Health plans will receive the largest increase to their capitated payments since the Affordable Care Act went into effect five years ago, and several other policy measures will ensure the private Medicare program for seniors becomes a larger focus of insurers' revenues.
“It's the gentle puff of a tailwind for this industry after a long stretch,” said John Gorman, a former CMS official who founded consulting firm Gorman Health Group. “This was a series of lobbying wins for the industry that really shows the muscle it has now.”
At the same time, though, the CMS stood its ground on a few proposals that drew the ire of health insurers—including the move to a new risk-adjustment model, more aggressive regulations around provider directories, and the omission of a policy that would have changed star ratings to account for low-income members.
The average rate increase for Medicare Advantage plans next year is 1.25% and rises to 3.25% when factoring in how health plans code the risk scores for their members. Most financial analysts expected Medicare Advantage rates would go up for 2016, since payment reductions mandated by the Affordable Care Act are largely over. But the large uptick from the preliminary rates was a “pleasant surprise” for managed-care companies, David Windley, an analyst at the investment bank Jefferies, said in a research note.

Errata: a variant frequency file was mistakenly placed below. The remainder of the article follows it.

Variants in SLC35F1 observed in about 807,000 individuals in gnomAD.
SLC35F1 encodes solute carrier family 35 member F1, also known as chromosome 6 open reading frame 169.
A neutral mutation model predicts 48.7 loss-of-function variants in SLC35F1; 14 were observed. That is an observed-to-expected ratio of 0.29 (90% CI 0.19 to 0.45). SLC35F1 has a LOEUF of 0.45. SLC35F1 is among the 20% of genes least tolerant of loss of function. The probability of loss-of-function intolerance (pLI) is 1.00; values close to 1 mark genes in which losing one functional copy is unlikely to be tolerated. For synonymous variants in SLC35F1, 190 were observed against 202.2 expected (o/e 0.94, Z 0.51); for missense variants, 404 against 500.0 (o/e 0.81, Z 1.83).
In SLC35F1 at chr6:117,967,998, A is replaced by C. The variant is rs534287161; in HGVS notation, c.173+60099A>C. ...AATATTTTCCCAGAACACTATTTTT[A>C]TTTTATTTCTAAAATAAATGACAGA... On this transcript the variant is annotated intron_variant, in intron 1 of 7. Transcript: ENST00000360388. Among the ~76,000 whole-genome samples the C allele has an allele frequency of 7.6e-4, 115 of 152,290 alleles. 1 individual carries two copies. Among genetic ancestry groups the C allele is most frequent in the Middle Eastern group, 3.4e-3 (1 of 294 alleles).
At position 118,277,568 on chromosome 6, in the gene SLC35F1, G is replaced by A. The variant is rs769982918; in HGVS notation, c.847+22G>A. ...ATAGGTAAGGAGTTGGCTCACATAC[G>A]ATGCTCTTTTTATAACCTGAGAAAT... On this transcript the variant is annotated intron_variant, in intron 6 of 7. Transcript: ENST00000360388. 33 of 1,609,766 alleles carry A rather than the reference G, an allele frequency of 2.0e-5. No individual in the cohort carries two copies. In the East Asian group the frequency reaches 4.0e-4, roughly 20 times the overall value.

CMS officials emphasized that the 2016 rates are much higher than the original predictions because actuaries underestimated changes in Medicare data. Medicare Advantage payments are tied to the per-capita spending growth rate in the Medicare fee-for-service program. The CMS discovered higher-than-expected spending on hospitalizations and other areas such as rural health clinics and federally qualified health centers, and consequently, raised the baseline rates.